65% of educators think AI can save them time on admin tasks, a new study finds

63% of educators also believe AI can help them create more personalized materials for students.
Written by Sabrina Ortiz, Editor
Time and tech
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As generative AI gained momentum, students quickly realized they could use the technology to do their schoolwork -- and schools started banning the technology. A new study shows that the tide has turned, and most educators are now in favor of AI. 

Education specialist McGraw Hill commissioned Morning Consult to survey 1,000 K-12 grade and higher education professionals in 19 countries about obstacles to student learning and the impact of technology on education. McGraw Hill's research, presented in "Global Education Insights Report: Learning Outcomes & the Digital Classroom," shows more than twice as many educators (41%) believe AI has a mainly positive impact on educational outcomes than those that think it has a mainly negative impact (19%).

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Morning Consult also found that the two biggest areas where AI can create a positive impact are reducing the time educators spend on administrative tasks (65%) and increasing their ability to personalize learning for each student (63%). 

AI chatbots such as ChatGPT make it simple for educators to create personalized content. Educators can input their current lesson plan and ask the chatbot to suggest how to personalize it to a student's needs, such as suggesting personalized activities, games, lessons, and more.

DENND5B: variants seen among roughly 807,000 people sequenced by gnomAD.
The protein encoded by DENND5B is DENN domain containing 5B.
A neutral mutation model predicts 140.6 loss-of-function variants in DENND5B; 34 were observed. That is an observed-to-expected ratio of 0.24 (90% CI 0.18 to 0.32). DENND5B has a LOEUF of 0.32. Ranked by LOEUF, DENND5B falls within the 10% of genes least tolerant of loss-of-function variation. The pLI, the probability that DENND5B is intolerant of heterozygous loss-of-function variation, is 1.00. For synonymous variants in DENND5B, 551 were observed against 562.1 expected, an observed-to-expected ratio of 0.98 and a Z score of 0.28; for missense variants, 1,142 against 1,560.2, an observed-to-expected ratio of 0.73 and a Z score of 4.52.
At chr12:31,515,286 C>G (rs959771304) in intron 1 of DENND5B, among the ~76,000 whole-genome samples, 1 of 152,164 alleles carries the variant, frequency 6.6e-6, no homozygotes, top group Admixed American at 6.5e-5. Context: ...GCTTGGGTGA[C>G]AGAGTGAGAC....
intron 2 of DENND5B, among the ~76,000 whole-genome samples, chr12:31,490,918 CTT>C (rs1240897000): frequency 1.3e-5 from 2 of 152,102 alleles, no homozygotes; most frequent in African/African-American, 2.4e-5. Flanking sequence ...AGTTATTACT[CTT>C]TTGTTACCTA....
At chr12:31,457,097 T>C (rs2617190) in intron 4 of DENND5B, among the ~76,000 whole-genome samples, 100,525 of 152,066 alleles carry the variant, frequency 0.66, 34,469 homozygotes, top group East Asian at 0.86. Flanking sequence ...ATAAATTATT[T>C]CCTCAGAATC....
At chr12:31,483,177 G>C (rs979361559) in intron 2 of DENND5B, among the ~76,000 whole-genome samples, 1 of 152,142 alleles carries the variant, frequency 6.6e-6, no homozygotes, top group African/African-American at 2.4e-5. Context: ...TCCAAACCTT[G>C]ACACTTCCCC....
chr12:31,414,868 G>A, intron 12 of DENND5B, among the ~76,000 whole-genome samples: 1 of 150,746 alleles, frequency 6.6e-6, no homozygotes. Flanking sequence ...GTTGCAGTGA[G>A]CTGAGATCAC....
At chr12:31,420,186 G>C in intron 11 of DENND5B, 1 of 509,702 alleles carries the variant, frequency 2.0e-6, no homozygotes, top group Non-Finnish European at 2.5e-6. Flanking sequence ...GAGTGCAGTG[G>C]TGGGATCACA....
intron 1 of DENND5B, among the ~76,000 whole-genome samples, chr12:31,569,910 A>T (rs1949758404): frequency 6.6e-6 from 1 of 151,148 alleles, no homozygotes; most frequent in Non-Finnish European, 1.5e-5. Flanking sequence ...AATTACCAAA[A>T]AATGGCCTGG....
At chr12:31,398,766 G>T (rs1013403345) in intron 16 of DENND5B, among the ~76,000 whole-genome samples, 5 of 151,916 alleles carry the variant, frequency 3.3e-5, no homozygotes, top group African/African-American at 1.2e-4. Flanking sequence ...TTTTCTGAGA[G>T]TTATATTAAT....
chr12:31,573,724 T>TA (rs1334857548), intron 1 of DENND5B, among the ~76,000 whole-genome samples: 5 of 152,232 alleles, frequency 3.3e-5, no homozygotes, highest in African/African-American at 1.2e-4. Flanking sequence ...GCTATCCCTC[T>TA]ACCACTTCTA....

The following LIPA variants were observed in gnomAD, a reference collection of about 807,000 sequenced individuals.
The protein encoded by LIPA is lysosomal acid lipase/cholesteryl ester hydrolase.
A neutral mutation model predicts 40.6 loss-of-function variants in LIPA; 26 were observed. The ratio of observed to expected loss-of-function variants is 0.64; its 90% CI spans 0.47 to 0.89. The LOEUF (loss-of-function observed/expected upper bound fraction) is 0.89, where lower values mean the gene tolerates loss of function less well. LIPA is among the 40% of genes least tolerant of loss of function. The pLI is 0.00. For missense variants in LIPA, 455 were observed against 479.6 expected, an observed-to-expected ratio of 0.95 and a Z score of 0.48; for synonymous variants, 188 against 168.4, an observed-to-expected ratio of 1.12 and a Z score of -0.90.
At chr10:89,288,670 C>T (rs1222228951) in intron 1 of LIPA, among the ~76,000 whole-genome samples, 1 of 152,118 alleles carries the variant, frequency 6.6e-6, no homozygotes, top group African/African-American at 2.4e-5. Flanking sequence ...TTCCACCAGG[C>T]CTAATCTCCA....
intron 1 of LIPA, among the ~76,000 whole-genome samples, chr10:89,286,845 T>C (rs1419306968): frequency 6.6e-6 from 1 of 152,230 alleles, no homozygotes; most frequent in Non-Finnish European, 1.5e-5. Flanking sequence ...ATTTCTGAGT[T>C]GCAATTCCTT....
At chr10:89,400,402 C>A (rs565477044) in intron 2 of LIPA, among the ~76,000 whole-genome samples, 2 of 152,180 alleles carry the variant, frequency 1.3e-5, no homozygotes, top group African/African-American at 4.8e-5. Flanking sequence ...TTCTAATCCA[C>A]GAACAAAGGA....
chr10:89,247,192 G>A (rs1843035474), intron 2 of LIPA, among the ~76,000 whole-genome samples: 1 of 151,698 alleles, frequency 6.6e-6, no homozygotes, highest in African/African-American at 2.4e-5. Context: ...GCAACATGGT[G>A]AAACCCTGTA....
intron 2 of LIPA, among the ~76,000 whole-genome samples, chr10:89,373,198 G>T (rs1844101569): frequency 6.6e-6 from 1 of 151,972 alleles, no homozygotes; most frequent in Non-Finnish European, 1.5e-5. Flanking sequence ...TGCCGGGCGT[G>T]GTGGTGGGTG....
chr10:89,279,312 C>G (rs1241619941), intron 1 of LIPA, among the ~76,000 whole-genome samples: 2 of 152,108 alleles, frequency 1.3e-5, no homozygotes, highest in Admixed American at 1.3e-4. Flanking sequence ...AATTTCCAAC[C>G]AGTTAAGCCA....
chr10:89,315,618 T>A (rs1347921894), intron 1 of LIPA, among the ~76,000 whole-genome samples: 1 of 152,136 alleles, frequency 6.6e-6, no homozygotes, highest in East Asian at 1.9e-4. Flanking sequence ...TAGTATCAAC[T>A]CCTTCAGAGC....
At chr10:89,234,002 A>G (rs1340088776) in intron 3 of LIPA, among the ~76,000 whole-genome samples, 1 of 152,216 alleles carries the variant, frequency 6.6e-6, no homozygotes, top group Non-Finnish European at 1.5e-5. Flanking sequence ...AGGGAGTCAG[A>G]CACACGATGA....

The study found that many educators are implementing AI in their workflows, with 32% saying they already use AI, 63% either already using AI or planning to in the next year, and 80% already using AI or planning to in the future.

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The survey of course also showed that there are still hesitancies associated with implementing AI, including the negative impact it can have on academic integrity, which led the list with 32%, followed closely by the negative impact on critical thinking (31%), memory retention (30%), and social skills and relationships (29%).

Concerns about AI are heightened at the higher education level, with 68% of educators feeling the technology could negatively impact academic integrity.

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The survey suggests that the biggest obstacles to adopting AI are costs (47%), lack of time to implement and train educators on how to use it effectively (38%), and data privacy (34%).

Many organizations are taking initiatives to make training accessible. For example, Google and MIT RAISE launched a free, two-hour generative AI course for educators last week that teaches professionals how to leverage the technology in their workflows.

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